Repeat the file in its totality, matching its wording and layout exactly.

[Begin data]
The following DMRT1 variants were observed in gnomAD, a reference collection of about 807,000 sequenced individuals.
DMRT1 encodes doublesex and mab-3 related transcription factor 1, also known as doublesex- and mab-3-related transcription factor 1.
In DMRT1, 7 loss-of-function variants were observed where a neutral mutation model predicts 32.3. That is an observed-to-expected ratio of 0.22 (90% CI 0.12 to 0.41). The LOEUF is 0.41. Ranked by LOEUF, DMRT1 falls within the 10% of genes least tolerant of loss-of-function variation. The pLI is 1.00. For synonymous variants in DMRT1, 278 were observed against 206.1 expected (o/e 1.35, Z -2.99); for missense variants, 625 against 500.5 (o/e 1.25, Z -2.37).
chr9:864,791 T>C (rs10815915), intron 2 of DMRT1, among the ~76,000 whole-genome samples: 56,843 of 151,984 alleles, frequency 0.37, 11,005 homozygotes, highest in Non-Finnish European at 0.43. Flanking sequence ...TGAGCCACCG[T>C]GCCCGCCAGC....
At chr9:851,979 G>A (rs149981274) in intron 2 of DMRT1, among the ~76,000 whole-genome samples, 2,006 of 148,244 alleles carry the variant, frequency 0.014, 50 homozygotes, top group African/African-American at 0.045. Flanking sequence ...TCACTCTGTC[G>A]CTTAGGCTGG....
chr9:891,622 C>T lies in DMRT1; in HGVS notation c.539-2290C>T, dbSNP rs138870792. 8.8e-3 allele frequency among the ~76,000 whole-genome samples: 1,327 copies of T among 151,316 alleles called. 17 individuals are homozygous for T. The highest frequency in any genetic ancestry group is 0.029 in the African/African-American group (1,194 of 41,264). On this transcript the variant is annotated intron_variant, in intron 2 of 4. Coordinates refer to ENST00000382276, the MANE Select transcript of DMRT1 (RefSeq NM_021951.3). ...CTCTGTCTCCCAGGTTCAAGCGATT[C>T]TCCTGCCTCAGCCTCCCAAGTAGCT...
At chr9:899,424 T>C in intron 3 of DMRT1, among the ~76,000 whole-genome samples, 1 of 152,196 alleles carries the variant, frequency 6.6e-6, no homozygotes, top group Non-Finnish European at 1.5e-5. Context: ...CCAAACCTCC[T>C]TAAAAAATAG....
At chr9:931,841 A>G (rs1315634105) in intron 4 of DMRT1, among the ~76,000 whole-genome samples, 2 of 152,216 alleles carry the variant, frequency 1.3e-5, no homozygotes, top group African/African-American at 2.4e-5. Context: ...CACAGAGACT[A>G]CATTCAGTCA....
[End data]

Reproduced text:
The following DMRT1 variants were observed in gnomAD, a reference collection of about 807,000 sequenced individuals.
DMRT1 encodes doublesex and mab-3 related transcription factor 1, also known as doublesex- and mab-3-related transcription factor 1.
In DMRT1, 7 loss-of-function variants were observed where a neutral mutation model predicts 32.3. That is an observed-to-expected ratio of 0.22 (90% CI 0.12 to 0.41). The LOEUF is 0.41. Ranked by LOEUF, DMRT1 falls within the 10% of genes least tolerant of loss-of-function variation. The pLI is 1.00. For synonymous variants in DMRT1, 278 were observed against 206.1 expected (o/e 1.35, Z -2.99); for missense variants, 625 against 500.5 (o/e 1.25, Z -2.37).
chr9:864,791 T>C (rs10815915), intron 2 of DMRT1, among the ~76,000 whole-genome samples: 56,843 of 151,984 alleles, frequency 0.37, 11,005 homozygotes, highest in Non-Finnish European at 0.43. Flanking sequence ...TGAGCCACCG[T>C]GCCCGCCAGC....
At chr9:851,979 G>A (rs149981274) in intron 2 of DMRT1, among the ~76,000 whole-genome samples, 2,006 of 148,244 alleles carry the variant, frequency 0.014, 50 homozygotes, top group African/African-American at 0.045. Flanking sequence ...TCACTCTGTC[G>A]CTTAGGCTGG....
chr9:891,622 C>T lies in DMRT1; in HGVS notation c.539-2290C>T, dbSNP rs138870792. 8.8e-3 allele frequency among the ~76,000 whole-genome samples: 1,327 copies of T among 151,316 alleles called. 17 individuals are homozygous for T. The highest frequency in any genetic ancestry group is 0.029 in the African/African-American group (1,194 of 41,264). On this transcript the variant is annotated intron_variant, in intron 2 of 4. Coordinates refer to ENST00000382276, the MANE Select transcript of DMRT1 (RefSeq NM_021951.3). ...CTCTGTCTCCCAGGTTCAAGCGATT[C>T]TCCTGCCTCAGCCTCCCAAGTAGCT...
At chr9:899,424 T>C in intron 3 of DMRT1, among the ~76,000 whole-genome samples, 1 of 152,196 alleles carries the variant, frequency 6.6e-6, no homozygotes, top group Non-Finnish European at 1.5e-5. Context: ...CCAAACCTCC[T>C]TAAAAAATAG....
At chr9:931,841 A>G (rs1315634105) in intron 4 of DMRT1, among the ~76,000 whole-genome samples, 2 of 152,216 alleles carry the variant, frequency 1.3e-5, no homozygotes, top group African/African-American at 2.4e-5. Context: ...CACAGAGACT[A>G]CATTCAGTCA....